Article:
If you’ve paid any attention to the news over the past two years, you’ve noticed markets across many industries falling victim to volatility brought on by lagging production and increased demand. Many influences have caused this, most notably the COVID-19 pandemic, the war in Ukraine, and the potential recessions many countries are currently facing.
Steel is no stranger to fluctuating market conditions, and many fear the possibility of a volatile steel market where demand and price plummet, leaving suppliers with large quantities of steel and nobody to purchase. Let’s look at what market volatility is, what it means to the steel industry, what some of the causes may be, and how it affects demand and price.
What Is Market Volatility?
In general terms, market volatility refers to the up or down change in the price or value of goods and services during a specific period of time. Volatility is measured by how much a market changes compared to the overall average for that industry. Changes that cause volatility are often sudden and unpredictable, brought on by more significant events like pandemics, wars, recessions, inflation, and policy — to name a few.
What does market volatility look like in the steel industry?
What is it?
With regard to the steel industry, market volatility mirrors that of any other industry. When changes in steel price occur due to significant geopolitical events, demand rises or falls as a response. Generally, when demand falls, prices also fall, and vice versa. This usually leaves mills and suppliers with either a surplus or a shortage of material on hand.
What causes it?
As mentioned, larger geo-political events tend to affect the price volatility of steel. An event itself won’t necessarily make an impact immediately, but the consequences of said event impact the demand and how a product is used. In the instance of steel, a larger event such as a war could increase demand for military uses, in turn driving the price up. Similarly, a sudden infrastructure bust could limit the amount of construction taking place, which would drive down demand and price.
How it's currently affecting steel prices
To no surprise, skyrocketing inflation, simmering COVID-induced supply chain bottlenecks, and the war in Ukraine are causing metal prices to drop across the U.S. Despite experts’ optimism that the U.S. will avoid a recession, many throughout the industry are skeptical about purchasing large quantities of steel and other metals.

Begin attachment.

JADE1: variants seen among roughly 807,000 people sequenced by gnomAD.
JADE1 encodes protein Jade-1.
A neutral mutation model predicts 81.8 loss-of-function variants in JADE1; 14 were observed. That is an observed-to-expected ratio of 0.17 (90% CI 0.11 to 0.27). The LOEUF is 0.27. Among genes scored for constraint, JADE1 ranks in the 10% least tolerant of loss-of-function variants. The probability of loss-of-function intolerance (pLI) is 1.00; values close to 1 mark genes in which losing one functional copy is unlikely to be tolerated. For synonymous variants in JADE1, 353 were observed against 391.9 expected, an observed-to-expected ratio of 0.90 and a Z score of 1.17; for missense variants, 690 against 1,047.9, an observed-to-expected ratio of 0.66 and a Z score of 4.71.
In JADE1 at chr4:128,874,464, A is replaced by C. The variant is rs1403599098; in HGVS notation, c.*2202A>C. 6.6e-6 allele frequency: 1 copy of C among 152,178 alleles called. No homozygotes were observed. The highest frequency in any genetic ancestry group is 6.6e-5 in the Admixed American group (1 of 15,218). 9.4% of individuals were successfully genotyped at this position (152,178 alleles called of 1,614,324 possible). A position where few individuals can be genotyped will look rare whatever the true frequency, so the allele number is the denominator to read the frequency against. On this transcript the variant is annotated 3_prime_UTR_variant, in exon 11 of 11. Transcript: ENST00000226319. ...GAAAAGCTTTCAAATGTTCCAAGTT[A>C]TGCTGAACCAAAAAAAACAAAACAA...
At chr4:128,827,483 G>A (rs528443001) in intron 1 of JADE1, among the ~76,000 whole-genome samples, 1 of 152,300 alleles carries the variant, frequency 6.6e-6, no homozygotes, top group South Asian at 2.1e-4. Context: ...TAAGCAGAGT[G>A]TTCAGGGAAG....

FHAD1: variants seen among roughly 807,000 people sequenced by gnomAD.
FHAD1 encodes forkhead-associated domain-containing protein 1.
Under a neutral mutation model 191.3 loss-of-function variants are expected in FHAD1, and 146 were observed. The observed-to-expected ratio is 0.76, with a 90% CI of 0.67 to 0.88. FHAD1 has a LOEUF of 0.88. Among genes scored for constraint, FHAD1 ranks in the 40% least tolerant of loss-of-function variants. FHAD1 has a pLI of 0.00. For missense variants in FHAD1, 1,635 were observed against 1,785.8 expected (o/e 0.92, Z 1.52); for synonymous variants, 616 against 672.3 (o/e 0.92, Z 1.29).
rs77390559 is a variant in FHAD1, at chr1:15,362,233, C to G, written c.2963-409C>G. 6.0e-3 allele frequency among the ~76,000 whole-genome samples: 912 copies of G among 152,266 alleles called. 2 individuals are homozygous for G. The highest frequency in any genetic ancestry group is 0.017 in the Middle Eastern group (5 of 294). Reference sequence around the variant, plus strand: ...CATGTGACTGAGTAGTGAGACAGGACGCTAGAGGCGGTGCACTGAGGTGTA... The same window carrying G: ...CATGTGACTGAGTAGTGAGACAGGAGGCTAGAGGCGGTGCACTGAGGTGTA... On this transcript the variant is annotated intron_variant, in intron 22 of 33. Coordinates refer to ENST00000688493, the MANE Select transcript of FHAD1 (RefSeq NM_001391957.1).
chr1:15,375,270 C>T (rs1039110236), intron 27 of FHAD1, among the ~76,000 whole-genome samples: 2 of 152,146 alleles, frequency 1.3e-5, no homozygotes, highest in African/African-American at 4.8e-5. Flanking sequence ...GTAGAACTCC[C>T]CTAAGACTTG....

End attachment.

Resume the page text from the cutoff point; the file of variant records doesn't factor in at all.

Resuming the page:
What That Means for order quantities
When purchasing demand drops, concern usually rises among steel mills and suppliers, which causes production to slow back down. Rather than risking the possibility of being stuck with an excess of product, the safer bet for both suppliers and those buying steel is to cut back on large quantity orders. However, as anyone in the metals industry will tell you, minimum order quantities are few and far between.
How Mead Metals Can Help
While the future of steel prices remains uncertain, one thing is sure — Mead Metals offers low-volume metal products, high-volume metal products, and everything in-between. Supplying our customers with exact quantities to meet their specifications eliminates the need to deal with excess products. For everything from A109 cold rolled strip steel and annealed spring steel to stainless steel and tempered spring steel, our team is happy to fulfill the needs of just about any size project.
In addition to our metal supply shop, we perform a range of in-house services to add value to our metal products, including
- Narrow width slitting
- Close tolerance shearing
- Edge rolling
- Gauge correction
- Temper re-rolling
If you require a high or low-volume order of specialty metals, reach out to Mead Metals for a quick quote. Our expert staff is ready and willing to assist you with any questions and needs, typically within the same day as an inquiry.